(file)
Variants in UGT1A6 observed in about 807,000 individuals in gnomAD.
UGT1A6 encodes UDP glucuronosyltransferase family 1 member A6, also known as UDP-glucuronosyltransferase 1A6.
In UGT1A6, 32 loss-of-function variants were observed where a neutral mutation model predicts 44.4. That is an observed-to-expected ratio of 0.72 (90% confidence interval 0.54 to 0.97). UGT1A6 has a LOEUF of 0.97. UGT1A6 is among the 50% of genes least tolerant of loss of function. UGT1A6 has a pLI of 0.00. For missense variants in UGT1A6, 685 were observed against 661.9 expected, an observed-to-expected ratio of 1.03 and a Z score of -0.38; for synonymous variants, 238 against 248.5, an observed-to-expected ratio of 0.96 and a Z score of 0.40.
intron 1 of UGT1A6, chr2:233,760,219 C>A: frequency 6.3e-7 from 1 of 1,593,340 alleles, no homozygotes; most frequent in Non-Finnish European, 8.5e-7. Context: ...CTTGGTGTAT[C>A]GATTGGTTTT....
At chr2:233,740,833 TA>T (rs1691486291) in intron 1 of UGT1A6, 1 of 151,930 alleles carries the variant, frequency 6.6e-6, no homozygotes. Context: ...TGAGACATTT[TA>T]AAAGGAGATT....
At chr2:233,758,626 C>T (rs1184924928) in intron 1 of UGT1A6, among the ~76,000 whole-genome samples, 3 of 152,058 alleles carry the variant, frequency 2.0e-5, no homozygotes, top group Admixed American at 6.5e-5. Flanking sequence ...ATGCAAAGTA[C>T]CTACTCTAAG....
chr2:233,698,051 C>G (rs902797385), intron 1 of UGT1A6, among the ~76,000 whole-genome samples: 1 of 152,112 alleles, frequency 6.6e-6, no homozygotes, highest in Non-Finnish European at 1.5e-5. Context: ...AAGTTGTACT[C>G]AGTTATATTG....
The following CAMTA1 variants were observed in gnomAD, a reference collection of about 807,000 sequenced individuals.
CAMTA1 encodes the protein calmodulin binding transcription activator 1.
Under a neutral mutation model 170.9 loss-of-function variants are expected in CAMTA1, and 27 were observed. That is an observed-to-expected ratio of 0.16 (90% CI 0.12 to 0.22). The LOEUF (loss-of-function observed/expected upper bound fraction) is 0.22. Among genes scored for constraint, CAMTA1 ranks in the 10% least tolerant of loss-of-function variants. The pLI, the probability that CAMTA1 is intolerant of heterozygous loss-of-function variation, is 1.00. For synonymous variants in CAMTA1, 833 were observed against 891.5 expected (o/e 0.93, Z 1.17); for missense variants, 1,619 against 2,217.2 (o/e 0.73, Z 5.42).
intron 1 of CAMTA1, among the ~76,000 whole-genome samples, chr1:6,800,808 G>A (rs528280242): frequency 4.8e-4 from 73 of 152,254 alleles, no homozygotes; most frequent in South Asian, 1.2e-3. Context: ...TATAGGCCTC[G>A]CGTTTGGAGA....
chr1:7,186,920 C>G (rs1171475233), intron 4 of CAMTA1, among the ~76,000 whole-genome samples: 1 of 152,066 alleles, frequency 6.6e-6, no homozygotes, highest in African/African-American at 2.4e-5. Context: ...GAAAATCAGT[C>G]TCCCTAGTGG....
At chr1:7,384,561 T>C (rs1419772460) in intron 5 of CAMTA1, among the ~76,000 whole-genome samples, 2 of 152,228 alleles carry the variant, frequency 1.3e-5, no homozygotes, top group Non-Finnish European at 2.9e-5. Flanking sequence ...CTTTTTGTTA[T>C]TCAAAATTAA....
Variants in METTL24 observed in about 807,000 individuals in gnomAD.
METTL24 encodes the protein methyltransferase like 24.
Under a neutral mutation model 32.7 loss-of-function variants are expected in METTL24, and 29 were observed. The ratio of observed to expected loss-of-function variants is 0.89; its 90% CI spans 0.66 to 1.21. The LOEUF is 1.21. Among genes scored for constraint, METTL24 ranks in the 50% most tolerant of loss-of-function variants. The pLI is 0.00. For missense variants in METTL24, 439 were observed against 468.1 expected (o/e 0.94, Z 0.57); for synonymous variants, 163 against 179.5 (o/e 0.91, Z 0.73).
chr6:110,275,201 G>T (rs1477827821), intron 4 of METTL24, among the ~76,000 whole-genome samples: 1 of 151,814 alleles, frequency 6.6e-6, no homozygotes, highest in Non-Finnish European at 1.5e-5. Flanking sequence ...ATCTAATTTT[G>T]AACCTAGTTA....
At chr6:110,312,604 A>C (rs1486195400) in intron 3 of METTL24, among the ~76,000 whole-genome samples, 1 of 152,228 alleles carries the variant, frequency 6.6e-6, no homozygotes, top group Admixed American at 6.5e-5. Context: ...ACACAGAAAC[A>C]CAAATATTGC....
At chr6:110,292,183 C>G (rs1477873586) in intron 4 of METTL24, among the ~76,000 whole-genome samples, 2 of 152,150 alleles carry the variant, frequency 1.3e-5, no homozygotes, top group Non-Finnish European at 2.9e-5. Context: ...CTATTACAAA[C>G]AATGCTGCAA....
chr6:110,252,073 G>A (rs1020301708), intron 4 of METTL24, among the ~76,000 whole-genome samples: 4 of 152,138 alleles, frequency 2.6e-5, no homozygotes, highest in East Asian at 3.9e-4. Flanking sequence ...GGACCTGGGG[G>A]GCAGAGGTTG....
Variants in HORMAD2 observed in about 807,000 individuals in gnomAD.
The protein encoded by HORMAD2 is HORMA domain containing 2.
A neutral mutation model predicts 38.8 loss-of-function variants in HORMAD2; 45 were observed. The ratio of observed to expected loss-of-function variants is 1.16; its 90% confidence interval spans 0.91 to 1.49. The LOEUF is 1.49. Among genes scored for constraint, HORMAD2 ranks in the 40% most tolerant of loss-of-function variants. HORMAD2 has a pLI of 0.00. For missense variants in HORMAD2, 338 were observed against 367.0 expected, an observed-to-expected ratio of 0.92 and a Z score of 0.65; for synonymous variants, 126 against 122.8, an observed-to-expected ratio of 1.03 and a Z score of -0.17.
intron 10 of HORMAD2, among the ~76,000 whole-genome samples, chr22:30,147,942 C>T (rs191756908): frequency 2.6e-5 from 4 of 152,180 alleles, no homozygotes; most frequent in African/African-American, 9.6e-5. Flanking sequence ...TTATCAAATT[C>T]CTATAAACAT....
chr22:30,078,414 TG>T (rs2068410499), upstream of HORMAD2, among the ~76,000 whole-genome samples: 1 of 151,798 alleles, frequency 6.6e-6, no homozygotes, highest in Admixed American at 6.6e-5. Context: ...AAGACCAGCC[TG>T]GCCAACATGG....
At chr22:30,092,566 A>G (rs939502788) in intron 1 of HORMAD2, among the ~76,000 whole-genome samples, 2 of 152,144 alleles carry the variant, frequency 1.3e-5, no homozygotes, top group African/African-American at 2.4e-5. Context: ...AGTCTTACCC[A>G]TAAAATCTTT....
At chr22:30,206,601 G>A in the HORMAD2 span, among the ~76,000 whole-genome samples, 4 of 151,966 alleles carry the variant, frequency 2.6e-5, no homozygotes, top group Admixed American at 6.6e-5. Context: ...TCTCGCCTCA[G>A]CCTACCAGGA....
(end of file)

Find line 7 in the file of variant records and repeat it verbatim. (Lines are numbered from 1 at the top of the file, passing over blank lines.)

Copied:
chr2:233,698,051 C>G (rs902797385), intron 1 of UGT1A6, among the ~76,000 whole-genome samples: 1 of 152,112 alleles, frequency 6.6e-6, no homozygotes, highest in Non-Finnish European at 1.5e-5. Context: ...AAGTTGTACT[C>G]AGTTATATTG....